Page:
The friend who lent me the bike, her name is Meadow. I know her because she was one of the other riders of my craigslist ride up the Alcan, the ride that crashed and rolled in the fifteen-below weather south of Whitehorse. She is an old soul, as they say, twenty-two with the bedside manner of someone who wakes up each morning surprised and delighted to have lived another day. She sleeps in a cabin made of canvas, plywood and plastic sheeting on a wooden frame, abandoned, with half the foot-thick insulation spilled out by the squirrels. Black mold flowers on the ceiling and the deck is rotted into the taiga, and the mosquitoes rise up in great stormy clouds like vapor from the earth. Meadow was, for a while, sleeping in a discolored plywood lean-to in a broken truck-bed and then a dirt-biking friend found this place for her, on a faint track through the forest off a powerline trail in the hills outside of town. She moved in immediately, lining her trinkets up along the windowsills, watching the sun sparkle on the mossy forest floor. A friend built her a loft out of thin air and two dumpstered two by fours. There was one artifact in the cabin from the previous occupant- a calendar on the wall- nineteen ninety-one mountainscape. One day a woman showed up in sandals and, shading her eyes with her hand, told Meadow that she could stay. This was her land, the cabin was built by her son, who had died in a car accident long ago. She could stay, so long as she swept up the broken glass on the deck.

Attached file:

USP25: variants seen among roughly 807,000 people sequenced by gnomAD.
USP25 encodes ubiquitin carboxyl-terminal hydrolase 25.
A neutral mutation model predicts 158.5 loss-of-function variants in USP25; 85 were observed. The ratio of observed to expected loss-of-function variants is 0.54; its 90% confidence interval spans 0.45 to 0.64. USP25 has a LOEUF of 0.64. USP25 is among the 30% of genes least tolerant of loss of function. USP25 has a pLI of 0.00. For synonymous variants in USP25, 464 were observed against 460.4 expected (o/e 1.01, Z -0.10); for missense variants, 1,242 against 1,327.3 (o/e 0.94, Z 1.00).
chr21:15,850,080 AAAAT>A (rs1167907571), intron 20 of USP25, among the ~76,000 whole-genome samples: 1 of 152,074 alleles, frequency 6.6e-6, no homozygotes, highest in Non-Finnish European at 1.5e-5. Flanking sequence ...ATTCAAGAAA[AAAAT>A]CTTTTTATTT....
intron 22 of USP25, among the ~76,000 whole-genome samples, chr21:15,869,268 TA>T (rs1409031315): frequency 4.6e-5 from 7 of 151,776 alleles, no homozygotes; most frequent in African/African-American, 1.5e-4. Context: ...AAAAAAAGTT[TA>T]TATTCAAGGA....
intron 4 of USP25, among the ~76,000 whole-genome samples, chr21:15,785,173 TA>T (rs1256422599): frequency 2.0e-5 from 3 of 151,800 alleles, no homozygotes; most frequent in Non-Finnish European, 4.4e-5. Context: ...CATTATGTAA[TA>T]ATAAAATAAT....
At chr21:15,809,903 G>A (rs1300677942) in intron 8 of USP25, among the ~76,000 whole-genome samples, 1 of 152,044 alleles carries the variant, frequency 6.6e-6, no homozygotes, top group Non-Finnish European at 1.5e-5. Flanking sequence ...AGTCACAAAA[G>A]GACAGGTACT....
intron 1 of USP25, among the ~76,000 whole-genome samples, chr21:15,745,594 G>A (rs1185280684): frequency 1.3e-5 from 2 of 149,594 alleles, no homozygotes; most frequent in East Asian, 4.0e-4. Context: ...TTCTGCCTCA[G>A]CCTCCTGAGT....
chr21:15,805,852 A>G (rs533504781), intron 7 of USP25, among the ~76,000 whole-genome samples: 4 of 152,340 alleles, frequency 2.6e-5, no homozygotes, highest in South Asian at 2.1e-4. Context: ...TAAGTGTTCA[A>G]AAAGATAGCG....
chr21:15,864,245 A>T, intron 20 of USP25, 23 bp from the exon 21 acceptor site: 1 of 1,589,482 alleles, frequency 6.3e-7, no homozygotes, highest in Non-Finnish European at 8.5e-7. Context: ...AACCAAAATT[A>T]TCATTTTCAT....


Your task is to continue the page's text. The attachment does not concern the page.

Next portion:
I ride my borrowed bike around this town and Meadow shows me the free-box at the coffee shop, the free coffee at the bookstore (farthest north used bookstore in North America!). She takes me to a meadow where homebums are drinking beer from cans in the mid-afternoon and playing guitar in the grass, their bare chests sunburnt, their beards tangled. Meadow is a little drunk too, and she crumples her empty can and tosses it in the street, her cheeks and nose pink and shiny from the sun. “You should come to the M bar later, for the open mic,” she says. “There are lots of people there who aren’t straight.”